Significant outcomes of Critical Care
Preclinical research is essential if we want to understand the physiopathology and development of effective therapies for the management of critically ill patients.30 For instance, the confirmation of the acute pulmonary injury in ventilated animal models with high volumes was successfully translated into the clinical practice and made up the foundation of the actual protective ventilation methods. However, up to 75–90% of all the results from preclinical research published in high profile scientific journals – usually of etiological and physiopathological type, are not reproducible and, as of today, only a minimum part has been translated into substantial innovations that can be used at the patient's bedside. A words counter for essays is also an instance of automated system.
As it occurs with preclinical research, the traditional clinical research focuses on analyzing the different biological manifestations of the disease (such as the cardiac output or the plasma cytokine levels). The problem here is that the scientific literature has continuously separated these physiopathological results (of interest for researchers) from the clinical results (of interest for the patient). Two of the most widely known fiascos here are the strategies to produce supranormal oxygen delivery, or the most recent early goal-oriented hemodynamic resuscitation. Many related research paper topics can be find online related to it.
From the perspective of patient-focused clinical research,36 these outcomes should be considered surrogate outcomes (or indirect evidence) of the truly significant clinical outcomes for the decision-making process such as survival, extubation after mechanical ventilation, quality of life after hospital discharge, or costs. If this indirect evidence does not translate into improved significant clinical outcomes, it leads to wasted clinical researches.
Another useless piece of clinical research occurs when one study poses one research question with relevant clinical outcomes on which we already have satisfactory scientific evidence.1,38 It has been estimated that 50% of the studies are designed without any references to prior systematic reviews, with the corresponding risk of generating redundant publications. For example, Fergusson et al.40 used one cumulative meta-analysis of 64 trials published between 1987 and 2002 to show that the effectiveness of aprotinin had already been established back in 1992 after conducting the 12th trial; this means that the following 52 trials could have been avoided with an adequate systematic review. Other than unnecessary, and ethically questionable, this clinical research is redundant which has led the civil society and some financial institutions to require systematic reviews on the topic under study before starting a new clinical trial.You can by and large find an cheap essay writing service to get essays made on the critical care Research point.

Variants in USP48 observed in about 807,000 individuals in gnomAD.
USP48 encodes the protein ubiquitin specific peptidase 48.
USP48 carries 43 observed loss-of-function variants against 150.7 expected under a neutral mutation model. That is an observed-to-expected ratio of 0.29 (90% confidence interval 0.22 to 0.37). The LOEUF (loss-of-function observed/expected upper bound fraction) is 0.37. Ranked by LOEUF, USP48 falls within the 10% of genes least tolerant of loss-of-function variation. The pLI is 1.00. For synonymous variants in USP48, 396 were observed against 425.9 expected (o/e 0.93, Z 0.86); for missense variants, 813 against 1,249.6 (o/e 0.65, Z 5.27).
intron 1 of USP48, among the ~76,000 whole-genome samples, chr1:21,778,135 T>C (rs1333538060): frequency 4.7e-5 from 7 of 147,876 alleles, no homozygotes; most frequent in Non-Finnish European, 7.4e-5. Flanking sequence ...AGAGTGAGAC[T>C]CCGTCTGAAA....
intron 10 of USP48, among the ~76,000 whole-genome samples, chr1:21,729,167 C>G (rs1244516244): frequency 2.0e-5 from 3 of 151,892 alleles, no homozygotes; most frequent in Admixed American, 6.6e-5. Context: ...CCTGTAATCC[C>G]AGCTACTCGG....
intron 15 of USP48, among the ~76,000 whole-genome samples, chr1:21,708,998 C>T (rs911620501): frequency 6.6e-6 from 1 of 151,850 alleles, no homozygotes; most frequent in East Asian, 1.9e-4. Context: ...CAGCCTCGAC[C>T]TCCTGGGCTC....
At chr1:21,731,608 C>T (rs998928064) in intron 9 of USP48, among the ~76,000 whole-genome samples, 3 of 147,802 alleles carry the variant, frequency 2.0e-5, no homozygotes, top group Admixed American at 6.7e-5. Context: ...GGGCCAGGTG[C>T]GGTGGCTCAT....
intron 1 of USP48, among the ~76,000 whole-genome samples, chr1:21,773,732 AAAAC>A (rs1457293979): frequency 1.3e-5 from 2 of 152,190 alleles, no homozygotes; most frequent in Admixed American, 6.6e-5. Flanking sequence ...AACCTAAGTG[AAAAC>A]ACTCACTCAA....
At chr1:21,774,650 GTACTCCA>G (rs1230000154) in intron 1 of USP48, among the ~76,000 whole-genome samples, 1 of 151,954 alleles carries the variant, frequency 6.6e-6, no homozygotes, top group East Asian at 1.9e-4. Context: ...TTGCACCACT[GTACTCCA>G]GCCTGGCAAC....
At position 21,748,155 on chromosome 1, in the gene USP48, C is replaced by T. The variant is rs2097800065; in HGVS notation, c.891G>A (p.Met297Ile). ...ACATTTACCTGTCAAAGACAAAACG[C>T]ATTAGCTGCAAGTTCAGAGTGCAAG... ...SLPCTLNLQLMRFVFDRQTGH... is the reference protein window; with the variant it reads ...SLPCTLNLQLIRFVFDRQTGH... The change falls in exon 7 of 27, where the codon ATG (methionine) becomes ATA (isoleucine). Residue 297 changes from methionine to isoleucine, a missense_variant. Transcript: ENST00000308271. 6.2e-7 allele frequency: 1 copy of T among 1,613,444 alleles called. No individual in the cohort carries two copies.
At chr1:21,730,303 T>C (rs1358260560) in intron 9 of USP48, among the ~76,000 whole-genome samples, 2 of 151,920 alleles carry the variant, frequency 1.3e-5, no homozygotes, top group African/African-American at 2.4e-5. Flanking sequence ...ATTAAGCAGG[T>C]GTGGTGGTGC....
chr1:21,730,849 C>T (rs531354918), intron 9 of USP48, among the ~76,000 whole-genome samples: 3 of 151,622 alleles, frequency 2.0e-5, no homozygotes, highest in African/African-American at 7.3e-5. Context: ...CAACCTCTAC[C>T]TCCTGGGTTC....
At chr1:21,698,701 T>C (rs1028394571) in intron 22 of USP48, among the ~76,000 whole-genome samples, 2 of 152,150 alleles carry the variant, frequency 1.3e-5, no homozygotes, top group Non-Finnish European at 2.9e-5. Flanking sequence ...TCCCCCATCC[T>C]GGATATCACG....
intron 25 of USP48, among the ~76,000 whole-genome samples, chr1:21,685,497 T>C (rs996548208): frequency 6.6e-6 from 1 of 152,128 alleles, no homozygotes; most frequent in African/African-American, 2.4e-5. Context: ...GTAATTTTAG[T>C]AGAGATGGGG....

There has been a lot of discussion on what the most adequate clinical outcome is for clinical trials with critically ill patients. All-cause mortality is the most relevant outcome par excellence. In any case, mortality should relate to an adequate deadline that is consistent with the study pathology (for instance, mortality at 28 or 90 days),45 while taking into consideration the possible impact that the limitation of life-sustaining treatment (LLST) policies may have.
One of the difficulties of mortality is its dichotomic nature that increases dramatically the requirements of the sample size, particularly in situations of low incidence rates. Some have tried to solve this issue by developing combined outcomes (composite endpoints) such as the appearance of “death, infarction, or urgent reperfusion”, or “death or organic dysfunction”.47 However, combined outcomes are, sometimes, hard to interpret, can be easily manipulated by the researcher, and promote a rather optimistic standpoint of the results, which is why we should be cautious when it comes to interpreting them. For example, the use of the combined outcome “death, infarction, or urgent reperfusion” does not make a lot of sense if the differences reported are due to the differences in reperfusion only.The legit essay writing service makes stand-out essays on critical care Research.
Mortality is the only relevant outcome for the patient. Issues such as the ICU stay, the number of days on mechanical ventilation, or the quality of life after hospital discharge50 are other important outcomes as well that should be taken into consideration by the clinical practice guidelines when it comes to establishing recommendations.